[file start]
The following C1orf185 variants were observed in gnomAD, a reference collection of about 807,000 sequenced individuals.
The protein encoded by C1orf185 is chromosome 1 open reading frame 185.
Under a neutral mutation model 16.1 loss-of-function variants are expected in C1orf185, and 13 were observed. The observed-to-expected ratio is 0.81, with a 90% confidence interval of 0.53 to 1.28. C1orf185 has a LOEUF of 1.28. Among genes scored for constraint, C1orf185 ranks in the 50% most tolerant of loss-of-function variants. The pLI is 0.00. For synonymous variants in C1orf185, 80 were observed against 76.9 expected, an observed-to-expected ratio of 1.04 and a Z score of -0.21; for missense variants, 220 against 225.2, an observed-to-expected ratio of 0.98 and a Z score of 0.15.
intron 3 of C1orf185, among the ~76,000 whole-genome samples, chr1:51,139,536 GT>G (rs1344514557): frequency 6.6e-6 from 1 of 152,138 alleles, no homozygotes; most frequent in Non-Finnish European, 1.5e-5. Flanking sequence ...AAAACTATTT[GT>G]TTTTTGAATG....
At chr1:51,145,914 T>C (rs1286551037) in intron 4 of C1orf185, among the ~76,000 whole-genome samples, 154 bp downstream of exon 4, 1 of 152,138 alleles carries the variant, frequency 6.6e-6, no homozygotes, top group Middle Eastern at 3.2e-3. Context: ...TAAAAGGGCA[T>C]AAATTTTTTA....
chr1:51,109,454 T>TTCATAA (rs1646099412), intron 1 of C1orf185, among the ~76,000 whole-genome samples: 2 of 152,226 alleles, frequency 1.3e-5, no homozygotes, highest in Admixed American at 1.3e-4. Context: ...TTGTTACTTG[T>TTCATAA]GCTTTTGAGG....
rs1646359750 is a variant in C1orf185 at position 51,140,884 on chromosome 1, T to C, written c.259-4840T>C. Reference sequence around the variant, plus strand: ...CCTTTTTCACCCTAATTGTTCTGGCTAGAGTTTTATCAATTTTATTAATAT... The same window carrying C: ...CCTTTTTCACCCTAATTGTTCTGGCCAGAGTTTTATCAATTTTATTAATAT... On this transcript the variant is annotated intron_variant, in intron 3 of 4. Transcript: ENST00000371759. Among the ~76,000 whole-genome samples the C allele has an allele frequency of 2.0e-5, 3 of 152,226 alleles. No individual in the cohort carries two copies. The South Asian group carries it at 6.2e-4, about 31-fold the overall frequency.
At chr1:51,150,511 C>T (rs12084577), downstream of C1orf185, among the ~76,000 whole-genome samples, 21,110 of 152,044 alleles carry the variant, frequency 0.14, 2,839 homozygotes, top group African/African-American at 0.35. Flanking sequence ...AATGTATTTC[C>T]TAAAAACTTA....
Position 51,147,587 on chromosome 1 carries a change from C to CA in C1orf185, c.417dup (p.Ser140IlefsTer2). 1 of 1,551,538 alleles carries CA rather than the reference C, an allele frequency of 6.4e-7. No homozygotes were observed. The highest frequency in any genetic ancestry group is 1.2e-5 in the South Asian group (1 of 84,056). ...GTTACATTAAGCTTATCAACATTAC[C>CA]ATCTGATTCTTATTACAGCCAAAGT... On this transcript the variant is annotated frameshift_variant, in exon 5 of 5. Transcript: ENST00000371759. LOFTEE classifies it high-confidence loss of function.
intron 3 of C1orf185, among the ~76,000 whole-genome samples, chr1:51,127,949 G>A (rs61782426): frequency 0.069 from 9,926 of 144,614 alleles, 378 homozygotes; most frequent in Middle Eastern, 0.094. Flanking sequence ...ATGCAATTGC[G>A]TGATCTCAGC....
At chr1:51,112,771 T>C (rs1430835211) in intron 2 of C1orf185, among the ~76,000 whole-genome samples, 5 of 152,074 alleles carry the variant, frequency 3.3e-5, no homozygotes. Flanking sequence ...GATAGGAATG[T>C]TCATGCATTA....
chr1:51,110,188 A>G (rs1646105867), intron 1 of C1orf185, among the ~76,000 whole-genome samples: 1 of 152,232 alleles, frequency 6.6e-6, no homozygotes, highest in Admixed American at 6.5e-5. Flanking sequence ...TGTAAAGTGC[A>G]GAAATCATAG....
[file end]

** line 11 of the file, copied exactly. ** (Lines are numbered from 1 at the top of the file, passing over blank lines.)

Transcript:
At chr1:51,112,771 T>C (rs1430835211) in intron 2 of C1orf185, among the ~76,000 whole-genome samples, 5 of 152,074 alleles carry the variant, frequency 3.3e-5, no homozygotes. Flanking sequence ...GATAGGAATG[T>C]TCATGCATTA....